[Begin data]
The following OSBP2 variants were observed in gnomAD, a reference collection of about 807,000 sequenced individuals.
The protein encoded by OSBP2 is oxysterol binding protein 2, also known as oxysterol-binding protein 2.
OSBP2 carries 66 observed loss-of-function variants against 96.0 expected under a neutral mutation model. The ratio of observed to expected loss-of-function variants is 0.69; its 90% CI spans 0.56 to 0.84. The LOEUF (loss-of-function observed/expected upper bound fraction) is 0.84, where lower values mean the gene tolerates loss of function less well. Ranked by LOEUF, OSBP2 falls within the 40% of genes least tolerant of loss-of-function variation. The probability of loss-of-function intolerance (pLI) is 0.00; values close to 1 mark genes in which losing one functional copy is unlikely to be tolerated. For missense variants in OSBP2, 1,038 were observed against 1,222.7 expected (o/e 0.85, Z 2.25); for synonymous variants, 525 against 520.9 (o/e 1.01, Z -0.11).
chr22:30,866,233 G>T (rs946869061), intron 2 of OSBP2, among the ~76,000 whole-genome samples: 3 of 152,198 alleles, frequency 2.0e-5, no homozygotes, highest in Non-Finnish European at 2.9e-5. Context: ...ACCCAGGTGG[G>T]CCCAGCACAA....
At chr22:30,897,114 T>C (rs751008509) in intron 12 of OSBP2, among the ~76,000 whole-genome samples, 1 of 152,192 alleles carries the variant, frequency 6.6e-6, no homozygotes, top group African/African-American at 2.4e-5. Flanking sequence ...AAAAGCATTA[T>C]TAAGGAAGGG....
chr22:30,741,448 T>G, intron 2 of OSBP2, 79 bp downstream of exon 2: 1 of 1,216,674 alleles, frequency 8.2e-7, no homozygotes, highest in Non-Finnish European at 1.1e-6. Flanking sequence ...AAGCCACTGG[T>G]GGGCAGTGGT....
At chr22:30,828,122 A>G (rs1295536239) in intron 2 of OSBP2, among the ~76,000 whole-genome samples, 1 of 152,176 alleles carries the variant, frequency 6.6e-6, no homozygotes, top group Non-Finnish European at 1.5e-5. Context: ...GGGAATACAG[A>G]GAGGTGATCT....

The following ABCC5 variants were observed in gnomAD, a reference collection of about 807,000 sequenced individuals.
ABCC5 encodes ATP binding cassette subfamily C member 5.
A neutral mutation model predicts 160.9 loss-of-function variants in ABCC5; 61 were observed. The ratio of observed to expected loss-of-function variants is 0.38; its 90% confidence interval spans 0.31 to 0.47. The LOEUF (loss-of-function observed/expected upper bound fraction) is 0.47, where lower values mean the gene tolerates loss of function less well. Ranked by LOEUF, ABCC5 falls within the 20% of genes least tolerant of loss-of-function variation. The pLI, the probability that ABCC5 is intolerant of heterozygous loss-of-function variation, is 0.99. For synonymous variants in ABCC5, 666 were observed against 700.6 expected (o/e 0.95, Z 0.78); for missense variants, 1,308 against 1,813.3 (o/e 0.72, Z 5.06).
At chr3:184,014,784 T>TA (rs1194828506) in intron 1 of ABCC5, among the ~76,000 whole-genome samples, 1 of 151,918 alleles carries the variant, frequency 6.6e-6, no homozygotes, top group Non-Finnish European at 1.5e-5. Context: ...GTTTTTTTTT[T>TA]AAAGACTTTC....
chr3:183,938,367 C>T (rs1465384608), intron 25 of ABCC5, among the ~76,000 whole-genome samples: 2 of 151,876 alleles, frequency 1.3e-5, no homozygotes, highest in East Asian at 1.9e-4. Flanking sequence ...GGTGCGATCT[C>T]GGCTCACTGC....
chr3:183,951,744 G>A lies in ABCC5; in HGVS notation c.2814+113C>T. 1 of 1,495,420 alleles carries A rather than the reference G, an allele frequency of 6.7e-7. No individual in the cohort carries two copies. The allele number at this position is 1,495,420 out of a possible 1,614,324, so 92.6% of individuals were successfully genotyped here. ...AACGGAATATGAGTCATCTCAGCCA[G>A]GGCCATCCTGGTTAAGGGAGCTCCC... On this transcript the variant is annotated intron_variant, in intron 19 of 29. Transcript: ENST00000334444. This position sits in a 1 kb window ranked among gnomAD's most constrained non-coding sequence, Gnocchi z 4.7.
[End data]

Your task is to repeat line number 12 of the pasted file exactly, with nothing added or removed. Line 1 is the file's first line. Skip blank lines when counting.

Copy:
chr3:183,938,367 C>T (rs1465384608), intron 25 of ABCC5, among the ~76,000 whole-genome samples: 2 of 151,876 alleles, frequency 1.3e-5, no homozygotes, highest in East Asian at 1.9e-4. Flanking sequence ...GGTGCGATCT[C>T]GGCTCACTGC....